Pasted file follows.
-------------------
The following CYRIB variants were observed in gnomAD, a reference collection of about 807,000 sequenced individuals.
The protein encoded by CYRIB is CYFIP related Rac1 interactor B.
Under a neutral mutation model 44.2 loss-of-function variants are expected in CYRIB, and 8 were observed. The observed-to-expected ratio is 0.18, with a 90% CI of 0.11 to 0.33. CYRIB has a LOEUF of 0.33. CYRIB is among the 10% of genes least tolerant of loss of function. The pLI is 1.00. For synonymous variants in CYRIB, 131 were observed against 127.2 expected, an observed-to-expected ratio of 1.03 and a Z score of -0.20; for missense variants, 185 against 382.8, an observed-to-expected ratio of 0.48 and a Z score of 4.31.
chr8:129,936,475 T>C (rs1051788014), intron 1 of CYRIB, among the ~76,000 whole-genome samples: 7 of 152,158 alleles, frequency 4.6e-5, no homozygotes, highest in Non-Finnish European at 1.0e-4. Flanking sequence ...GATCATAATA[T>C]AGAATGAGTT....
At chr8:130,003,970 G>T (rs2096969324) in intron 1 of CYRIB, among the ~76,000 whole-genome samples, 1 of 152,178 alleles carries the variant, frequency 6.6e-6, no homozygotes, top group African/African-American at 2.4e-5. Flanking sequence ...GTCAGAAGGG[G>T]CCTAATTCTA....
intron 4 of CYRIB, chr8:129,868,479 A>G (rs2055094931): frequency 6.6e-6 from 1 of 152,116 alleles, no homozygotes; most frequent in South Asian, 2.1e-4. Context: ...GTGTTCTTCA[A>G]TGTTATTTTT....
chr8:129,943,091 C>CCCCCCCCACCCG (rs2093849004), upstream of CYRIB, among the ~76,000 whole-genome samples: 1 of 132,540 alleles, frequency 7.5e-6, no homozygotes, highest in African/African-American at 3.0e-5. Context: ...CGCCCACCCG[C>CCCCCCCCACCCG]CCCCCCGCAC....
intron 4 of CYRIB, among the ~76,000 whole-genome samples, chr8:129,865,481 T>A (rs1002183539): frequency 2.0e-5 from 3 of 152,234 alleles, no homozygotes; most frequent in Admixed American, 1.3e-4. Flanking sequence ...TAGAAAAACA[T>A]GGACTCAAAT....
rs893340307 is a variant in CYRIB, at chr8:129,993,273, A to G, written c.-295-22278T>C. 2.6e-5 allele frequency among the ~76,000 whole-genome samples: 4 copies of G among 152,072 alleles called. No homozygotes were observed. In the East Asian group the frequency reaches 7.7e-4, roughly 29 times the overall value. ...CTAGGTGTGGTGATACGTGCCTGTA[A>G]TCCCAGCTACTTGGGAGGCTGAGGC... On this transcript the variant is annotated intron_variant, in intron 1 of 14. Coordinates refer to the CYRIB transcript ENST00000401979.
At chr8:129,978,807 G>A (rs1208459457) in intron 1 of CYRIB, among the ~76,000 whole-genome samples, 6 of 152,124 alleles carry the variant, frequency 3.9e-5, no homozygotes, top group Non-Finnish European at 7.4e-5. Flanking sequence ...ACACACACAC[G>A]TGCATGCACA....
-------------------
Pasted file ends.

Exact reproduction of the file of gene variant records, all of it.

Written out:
The following CYRIB variants were observed in gnomAD, a reference collection of about 807,000 sequenced individuals.
The protein encoded by CYRIB is CYFIP related Rac1 interactor B.
Under a neutral mutation model 44.2 loss-of-function variants are expected in CYRIB, and 8 were observed. The observed-to-expected ratio is 0.18, with a 90% CI of 0.11 to 0.33. CYRIB has a LOEUF of 0.33. CYRIB is among the 10% of genes least tolerant of loss of function. The pLI is 1.00. For synonymous variants in CYRIB, 131 were observed against 127.2 expected, an observed-to-expected ratio of 1.03 and a Z score of -0.20; for missense variants, 185 against 382.8, an observed-to-expected ratio of 0.48 and a Z score of 4.31.
chr8:129,936,475 T>C (rs1051788014), intron 1 of CYRIB, among the ~76,000 whole-genome samples: 7 of 152,158 alleles, frequency 4.6e-5, no homozygotes, highest in Non-Finnish European at 1.0e-4. Flanking sequence ...GATCATAATA[T>C]AGAATGAGTT....
At chr8:130,003,970 G>T (rs2096969324) in intron 1 of CYRIB, among the ~76,000 whole-genome samples, 1 of 152,178 alleles carries the variant, frequency 6.6e-6, no homozygotes, top group African/African-American at 2.4e-5. Flanking sequence ...GTCAGAAGGG[G>T]CCTAATTCTA....
intron 4 of CYRIB, chr8:129,868,479 A>G (rs2055094931): frequency 6.6e-6 from 1 of 152,116 alleles, no homozygotes; most frequent in South Asian, 2.1e-4. Context: ...GTGTTCTTCA[A>G]TGTTATTTTT....
chr8:129,943,091 C>CCCCCCCCACCCG (rs2093849004), upstream of CYRIB, among the ~76,000 whole-genome samples: 1 of 132,540 alleles, frequency 7.5e-6, no homozygotes, highest in African/African-American at 3.0e-5. Context: ...CGCCCACCCG[C>CCCCCCCCACCCG]CCCCCCGCAC....
intron 4 of CYRIB, among the ~76,000 whole-genome samples, chr8:129,865,481 T>A (rs1002183539): frequency 2.0e-5 from 3 of 152,234 alleles, no homozygotes; most frequent in Admixed American, 1.3e-4. Flanking sequence ...TAGAAAAACA[T>A]GGACTCAAAT....
rs893340307 is a variant in CYRIB, at chr8:129,993,273, A to G, written c.-295-22278T>C. 2.6e-5 allele frequency among the ~76,000 whole-genome samples: 4 copies of G among 152,072 alleles called. No homozygotes were observed. In the East Asian group the frequency reaches 7.7e-4, roughly 29 times the overall value. ...CTAGGTGTGGTGATACGTGCCTGTA[A>G]TCCCAGCTACTTGGGAGGCTGAGGC... On this transcript the variant is annotated intron_variant, in intron 1 of 14. Coordinates refer to the CYRIB transcript ENST00000401979.
At chr8:129,978,807 G>A (rs1208459457) in intron 1 of CYRIB, among the ~76,000 whole-genome samples, 6 of 152,124 alleles carry the variant, frequency 3.9e-5, no homozygotes, top group Non-Finnish European at 7.4e-5. Flanking sequence ...ACACACACAC[G>A]TGCATGCACA....